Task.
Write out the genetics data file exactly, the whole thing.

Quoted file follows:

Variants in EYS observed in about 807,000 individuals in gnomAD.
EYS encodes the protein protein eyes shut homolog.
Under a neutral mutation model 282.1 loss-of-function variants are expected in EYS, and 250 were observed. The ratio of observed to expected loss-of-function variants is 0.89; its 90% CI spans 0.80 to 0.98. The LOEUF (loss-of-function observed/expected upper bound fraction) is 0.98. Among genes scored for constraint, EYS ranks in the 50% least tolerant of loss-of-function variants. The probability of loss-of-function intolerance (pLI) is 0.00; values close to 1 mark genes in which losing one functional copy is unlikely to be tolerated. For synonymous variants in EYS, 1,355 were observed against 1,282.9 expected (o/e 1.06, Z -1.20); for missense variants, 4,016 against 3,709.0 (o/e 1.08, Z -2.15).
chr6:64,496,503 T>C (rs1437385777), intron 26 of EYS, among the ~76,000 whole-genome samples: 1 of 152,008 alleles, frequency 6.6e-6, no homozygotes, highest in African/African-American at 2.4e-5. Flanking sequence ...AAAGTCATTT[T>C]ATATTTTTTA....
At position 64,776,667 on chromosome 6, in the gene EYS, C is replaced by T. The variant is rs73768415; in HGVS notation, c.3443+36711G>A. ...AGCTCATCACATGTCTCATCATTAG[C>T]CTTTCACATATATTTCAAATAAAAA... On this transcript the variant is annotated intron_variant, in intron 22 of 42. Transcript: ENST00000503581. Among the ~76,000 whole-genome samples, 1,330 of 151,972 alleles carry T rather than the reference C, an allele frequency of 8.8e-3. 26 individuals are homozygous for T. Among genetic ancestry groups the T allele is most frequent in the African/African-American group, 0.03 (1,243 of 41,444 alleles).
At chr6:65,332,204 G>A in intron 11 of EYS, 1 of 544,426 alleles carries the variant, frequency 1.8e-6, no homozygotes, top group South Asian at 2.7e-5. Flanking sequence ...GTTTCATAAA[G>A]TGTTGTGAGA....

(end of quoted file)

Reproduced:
Variants in EYS observed in about 807,000 individuals in gnomAD.
EYS encodes the protein protein eyes shut homolog.
Under a neutral mutation model 282.1 loss-of-function variants are expected in EYS, and 250 were observed. The ratio of observed to expected loss-of-function variants is 0.89; its 90% CI spans 0.80 to 0.98. The LOEUF (loss-of-function observed/expected upper bound fraction) is 0.98. Among genes scored for constraint, EYS ranks in the 50% least tolerant of loss-of-function variants. The probability of loss-of-function intolerance (pLI) is 0.00; values close to 1 mark genes in which losing one functional copy is unlikely to be tolerated. For synonymous variants in EYS, 1,355 were observed against 1,282.9 expected (o/e 1.06, Z -1.20); for missense variants, 4,016 against 3,709.0 (o/e 1.08, Z -2.15).
chr6:64,496,503 T>C (rs1437385777), intron 26 of EYS, among the ~76,000 whole-genome samples: 1 of 152,008 alleles, frequency 6.6e-6, no homozygotes, highest in African/African-American at 2.4e-5. Flanking sequence ...AAAGTCATTT[T>C]ATATTTTTTA....
At position 64,776,667 on chromosome 6, in the gene EYS, C is replaced by T. The variant is rs73768415; in HGVS notation, c.3443+36711G>A. ...AGCTCATCACATGTCTCATCATTAG[C>T]CTTTCACATATATTTCAAATAAAAA... On this transcript the variant is annotated intron_variant, in intron 22 of 42. Transcript: ENST00000503581. Among the ~76,000 whole-genome samples, 1,330 of 151,972 alleles carry T rather than the reference C, an allele frequency of 8.8e-3. 26 individuals are homozygous for T. Among genetic ancestry groups the T allele is most frequent in the African/African-American group, 0.03 (1,243 of 41,444 alleles).
At chr6:65,332,204 G>A in intron 11 of EYS, 1 of 544,426 alleles carries the variant, frequency 1.8e-6, no homozygotes, top group South Asian at 2.7e-5. Flanking sequence ...GTTTCATAAA[G>A]TGTTGTGAGA....